# Work and acceleration of rescue team

ViewtifulBeau
A cave rescue team lifts an injured spelunker directly upward and out of a sinkhole by means of a motor-driven cable. The lift is performed in in three stages, each requiring a vertical distance of 11.1 m: (1) the initially stationary spelunker is accelerated to a speed of 4.06 m/s; (2) he is then lifted at the constant speed of 4.06 m/s; (3) finally he is decelerated to zero speed. How much work is done on the 69.4 kg rescue by the force lifting him during each stage?

I have to find how much work is done by the force lifting him at each stage.

First I found the average velocity 4.06/2 = 2.03 (i think because of asuming constant acceleration). Then i divide the distance by the average velocity to get 11.1 / 2.03 = 5.4679 s . So this is how long it takes to make it to the end of the 1st stage. Then i found the acceleration which is .7425 m/s/s. but i plugged it into the work formula and i got 572 J... but it is wrong.

zwtipp05
Each step is done in 11.1 m, so that makes it easier.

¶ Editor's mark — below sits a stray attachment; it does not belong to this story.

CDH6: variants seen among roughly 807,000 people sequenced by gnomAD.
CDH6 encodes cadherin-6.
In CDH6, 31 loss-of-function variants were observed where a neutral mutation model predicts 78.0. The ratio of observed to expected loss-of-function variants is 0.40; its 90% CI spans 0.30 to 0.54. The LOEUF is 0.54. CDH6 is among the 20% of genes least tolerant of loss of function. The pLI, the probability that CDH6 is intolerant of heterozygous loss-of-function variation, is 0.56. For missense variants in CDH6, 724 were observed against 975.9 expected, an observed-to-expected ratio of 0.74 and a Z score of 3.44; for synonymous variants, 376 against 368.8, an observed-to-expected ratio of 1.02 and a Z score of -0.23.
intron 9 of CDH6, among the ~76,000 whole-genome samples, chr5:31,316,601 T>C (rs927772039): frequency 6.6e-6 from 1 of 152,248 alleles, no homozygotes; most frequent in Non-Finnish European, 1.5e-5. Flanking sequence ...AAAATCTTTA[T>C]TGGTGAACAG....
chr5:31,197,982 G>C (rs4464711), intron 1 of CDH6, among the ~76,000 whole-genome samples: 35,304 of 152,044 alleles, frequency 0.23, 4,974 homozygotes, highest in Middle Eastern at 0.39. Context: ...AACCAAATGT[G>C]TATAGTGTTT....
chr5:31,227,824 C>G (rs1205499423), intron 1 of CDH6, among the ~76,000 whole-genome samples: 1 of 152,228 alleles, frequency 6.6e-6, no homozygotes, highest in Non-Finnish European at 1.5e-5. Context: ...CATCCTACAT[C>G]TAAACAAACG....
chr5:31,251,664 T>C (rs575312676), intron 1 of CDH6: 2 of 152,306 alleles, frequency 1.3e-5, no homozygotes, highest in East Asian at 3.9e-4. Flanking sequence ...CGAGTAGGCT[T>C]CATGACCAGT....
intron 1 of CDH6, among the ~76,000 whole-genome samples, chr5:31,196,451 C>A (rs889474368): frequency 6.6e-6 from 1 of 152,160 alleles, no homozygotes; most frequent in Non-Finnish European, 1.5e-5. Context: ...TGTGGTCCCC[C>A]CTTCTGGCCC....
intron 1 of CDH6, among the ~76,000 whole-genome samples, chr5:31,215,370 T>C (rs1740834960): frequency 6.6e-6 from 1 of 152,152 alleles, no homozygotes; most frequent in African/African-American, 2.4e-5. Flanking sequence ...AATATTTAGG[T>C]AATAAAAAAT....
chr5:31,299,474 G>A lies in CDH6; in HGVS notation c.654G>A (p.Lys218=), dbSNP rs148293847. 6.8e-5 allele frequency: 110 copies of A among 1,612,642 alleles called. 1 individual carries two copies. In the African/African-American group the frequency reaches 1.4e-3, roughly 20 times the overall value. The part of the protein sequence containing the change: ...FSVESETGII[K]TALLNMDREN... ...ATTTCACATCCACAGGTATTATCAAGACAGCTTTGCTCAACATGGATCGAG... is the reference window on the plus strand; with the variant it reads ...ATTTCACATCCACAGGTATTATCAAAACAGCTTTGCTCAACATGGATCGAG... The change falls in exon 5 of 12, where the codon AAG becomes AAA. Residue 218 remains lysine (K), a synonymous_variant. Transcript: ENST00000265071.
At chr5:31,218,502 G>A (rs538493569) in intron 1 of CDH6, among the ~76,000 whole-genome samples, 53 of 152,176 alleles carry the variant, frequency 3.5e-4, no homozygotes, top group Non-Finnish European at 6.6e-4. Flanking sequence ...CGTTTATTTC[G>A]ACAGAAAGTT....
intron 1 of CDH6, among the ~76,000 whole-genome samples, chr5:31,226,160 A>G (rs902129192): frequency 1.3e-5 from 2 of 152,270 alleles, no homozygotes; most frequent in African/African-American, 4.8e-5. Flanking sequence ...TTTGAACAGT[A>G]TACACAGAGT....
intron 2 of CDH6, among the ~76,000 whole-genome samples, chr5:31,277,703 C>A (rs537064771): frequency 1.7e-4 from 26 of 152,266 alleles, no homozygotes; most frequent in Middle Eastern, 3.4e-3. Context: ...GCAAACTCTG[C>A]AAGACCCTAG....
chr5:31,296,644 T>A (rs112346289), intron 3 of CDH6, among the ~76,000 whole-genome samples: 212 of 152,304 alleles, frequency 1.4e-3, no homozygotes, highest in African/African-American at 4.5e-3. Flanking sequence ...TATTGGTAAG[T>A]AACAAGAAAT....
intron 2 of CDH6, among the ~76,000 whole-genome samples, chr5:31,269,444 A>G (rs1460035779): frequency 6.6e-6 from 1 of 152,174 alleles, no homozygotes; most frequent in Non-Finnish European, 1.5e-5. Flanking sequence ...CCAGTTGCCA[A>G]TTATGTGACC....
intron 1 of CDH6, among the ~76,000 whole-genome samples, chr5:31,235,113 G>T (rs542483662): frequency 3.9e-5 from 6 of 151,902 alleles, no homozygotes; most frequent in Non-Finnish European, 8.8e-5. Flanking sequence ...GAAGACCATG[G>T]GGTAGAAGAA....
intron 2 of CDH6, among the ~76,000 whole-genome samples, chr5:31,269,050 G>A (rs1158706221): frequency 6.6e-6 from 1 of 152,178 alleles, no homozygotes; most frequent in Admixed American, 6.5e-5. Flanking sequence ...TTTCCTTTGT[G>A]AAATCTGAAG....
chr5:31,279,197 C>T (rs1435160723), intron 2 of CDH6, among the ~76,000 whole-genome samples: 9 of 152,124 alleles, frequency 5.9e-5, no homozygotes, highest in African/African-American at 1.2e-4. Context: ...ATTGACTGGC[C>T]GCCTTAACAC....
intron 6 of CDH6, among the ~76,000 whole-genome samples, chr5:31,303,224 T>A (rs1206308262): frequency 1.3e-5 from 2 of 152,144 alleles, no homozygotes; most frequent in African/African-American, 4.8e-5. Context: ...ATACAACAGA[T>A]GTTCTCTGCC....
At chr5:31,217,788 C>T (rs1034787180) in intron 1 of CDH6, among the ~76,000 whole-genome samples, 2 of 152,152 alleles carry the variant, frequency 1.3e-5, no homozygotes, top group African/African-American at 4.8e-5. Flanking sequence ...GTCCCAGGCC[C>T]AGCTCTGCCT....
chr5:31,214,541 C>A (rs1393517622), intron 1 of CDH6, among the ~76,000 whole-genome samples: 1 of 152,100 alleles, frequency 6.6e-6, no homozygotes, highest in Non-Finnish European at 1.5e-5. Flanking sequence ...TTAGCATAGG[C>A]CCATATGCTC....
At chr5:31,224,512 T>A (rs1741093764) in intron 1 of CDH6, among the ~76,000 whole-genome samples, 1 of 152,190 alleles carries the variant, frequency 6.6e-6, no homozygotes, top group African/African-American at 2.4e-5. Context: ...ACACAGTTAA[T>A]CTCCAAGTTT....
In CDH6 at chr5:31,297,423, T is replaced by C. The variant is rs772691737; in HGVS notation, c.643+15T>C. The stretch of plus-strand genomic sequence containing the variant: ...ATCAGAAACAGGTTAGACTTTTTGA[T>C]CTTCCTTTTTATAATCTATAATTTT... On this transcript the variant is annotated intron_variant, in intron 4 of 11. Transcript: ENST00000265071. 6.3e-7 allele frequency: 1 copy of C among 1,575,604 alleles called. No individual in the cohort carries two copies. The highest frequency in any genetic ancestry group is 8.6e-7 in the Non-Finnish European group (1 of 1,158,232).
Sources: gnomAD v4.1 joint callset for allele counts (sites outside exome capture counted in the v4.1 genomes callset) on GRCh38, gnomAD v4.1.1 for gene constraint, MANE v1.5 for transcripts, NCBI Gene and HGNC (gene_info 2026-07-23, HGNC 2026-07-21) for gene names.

W=F times distance.
In each step the distance will be 11.1 m.

Step 1: 11.1 = .5at^2 a=(v_f-v_i)/t
Solve for a. Then consider what force is needed to get that acceleration (keep in mind they are working AGAINST gravity as well)

Step 2: a=0 so force is easy to figure (again, keep in mind gravity)

Step 3: acceleration is the same as step 1 except opposite in magnitude, so they are letting gravity help them here)

Hope this helps

Homework Helper
The key benefit of Work and Energy approaches
is that you get to ignore the details of the motion
...like acceleration.
The Work done in part 1 increases PE and KE,
so W = m g Delta_h + 1/2 m v^2 .
Work in Part 2 only has the Delta_PE
Work in part 3 is Delta_PE - 1/2 m v^2 ,
since the KE_final - KE_initial = - 1/2 m v^2 .

Last edited:
zwtipp05
lightgrav said:
The key benefit of Work and Energy approaches
is that you get to ignore the details of the motion
...like acceleration.
The Work done in part 1 increases PE and KE,
so W = m g Delta_h + 1/2 m v^2 .
Work in Part 2 only has the Delta_PE
Work in part 3 is Delta_PE - 1/2 m v^2 ,
since the KE_final - KE_initial = - 1/2 m v^2 .

touche, didn't think of that

ViewtifulBeau
ok i tried the equations and i got 7700, 7557, and 7414 J respectively. The 7557 worked but the other two didn't. So i think that my v value is wrong. I used 2.03 m/s because that would be the average. But should i use 4.06m/s?

Homework Helper
Yes, you should use the final velocity: That's how much kinetic energy the system gets.